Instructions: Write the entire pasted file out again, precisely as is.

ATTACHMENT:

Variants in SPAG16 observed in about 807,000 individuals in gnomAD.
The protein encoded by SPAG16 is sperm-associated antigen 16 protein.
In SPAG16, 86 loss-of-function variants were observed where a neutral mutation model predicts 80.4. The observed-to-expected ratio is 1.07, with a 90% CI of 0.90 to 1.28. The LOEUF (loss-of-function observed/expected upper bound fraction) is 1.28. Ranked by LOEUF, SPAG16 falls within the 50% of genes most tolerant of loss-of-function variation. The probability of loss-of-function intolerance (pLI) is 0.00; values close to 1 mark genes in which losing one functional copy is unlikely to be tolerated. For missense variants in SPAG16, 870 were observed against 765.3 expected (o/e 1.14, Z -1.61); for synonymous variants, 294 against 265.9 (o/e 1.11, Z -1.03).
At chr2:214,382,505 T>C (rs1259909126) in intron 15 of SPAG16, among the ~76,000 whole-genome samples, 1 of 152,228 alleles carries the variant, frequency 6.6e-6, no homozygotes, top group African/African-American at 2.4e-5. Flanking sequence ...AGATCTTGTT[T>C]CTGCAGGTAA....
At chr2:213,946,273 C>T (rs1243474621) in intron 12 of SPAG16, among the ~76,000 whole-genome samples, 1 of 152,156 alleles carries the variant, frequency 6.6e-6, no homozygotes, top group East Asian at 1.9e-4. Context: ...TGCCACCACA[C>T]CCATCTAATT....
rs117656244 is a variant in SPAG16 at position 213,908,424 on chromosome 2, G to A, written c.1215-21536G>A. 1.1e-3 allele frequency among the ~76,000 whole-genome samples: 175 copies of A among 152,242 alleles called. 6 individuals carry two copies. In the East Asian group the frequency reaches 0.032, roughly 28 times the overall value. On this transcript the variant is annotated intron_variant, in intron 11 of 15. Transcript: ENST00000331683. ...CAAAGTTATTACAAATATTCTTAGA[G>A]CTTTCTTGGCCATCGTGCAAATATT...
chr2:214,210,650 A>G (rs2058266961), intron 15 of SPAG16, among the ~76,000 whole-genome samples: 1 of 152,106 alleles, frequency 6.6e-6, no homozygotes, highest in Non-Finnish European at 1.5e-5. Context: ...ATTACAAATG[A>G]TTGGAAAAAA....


Variants in SPAG16 observed in about 807,000 individuals in gnomAD.
The protein encoded by SPAG16 is sperm-associated antigen 16 protein.
In SPAG16, 86 loss-of-function variants were observed where a neutral mutation model predicts 80.4. The observed-to-expected ratio is 1.07, with a 90% CI of 0.90 to 1.28. The LOEUF (loss-of-function observed/expected upper bound fraction) is 1.28. Ranked by LOEUF, SPAG16 falls within the 50% of genes most tolerant of loss-of-function variation. The probability of loss-of-function intolerance (pLI) is 0.00; values close to 1 mark genes in which losing one functional copy is unlikely to be tolerated. For missense variants in SPAG16, 870 were observed against 765.3 expected (o/e 1.14, Z -1.61); for synonymous variants, 294 against 265.9 (o/e 1.11, Z -1.03).
At chr2:214,382,505 T>C (rs1259909126) in intron 15 of SPAG16, among the ~76,000 whole-genome samples, 1 of 152,228 alleles carries the variant, frequency 6.6e-6, no homozygotes, top group African/African-American at 2.4e-5. Flanking sequence ...AGATCTTGTT[T>C]CTGCAGGTAA....
At chr2:213,946,273 C>T (rs1243474621) in intron 12 of SPAG16, among the ~76,000 whole-genome samples, 1 of 152,156 alleles carries the variant, frequency 6.6e-6, no homozygotes, top group East Asian at 1.9e-4. Context: ...TGCCACCACA[C>T]CCATCTAATT....
rs117656244 is a variant in SPAG16 at position 213,908,424 on chromosome 2, G to A, written c.1215-21536G>A. 1.1e-3 allele frequency among the ~76,000 whole-genome samples: 175 copies of A among 152,242 alleles called. 6 individuals carry two copies. In the East Asian group the frequency reaches 0.032, roughly 28 times the overall value. On this transcript the variant is annotated intron_variant, in intron 11 of 15. Transcript: ENST00000331683. ...CAAAGTTATTACAAATATTCTTAGA[G>A]CTTTCTTGGCCATCGTGCAAATATT...
chr2:214,210,650 A>G (rs2058266961), intron 15 of SPAG16, among the ~76,000 whole-genome samples: 1 of 152,106 alleles, frequency 6.6e-6, no homozygotes, highest in Non-Finnish European at 1.5e-5. Context: ...ATTACAAATG[A>G]TTGGAAAAAA....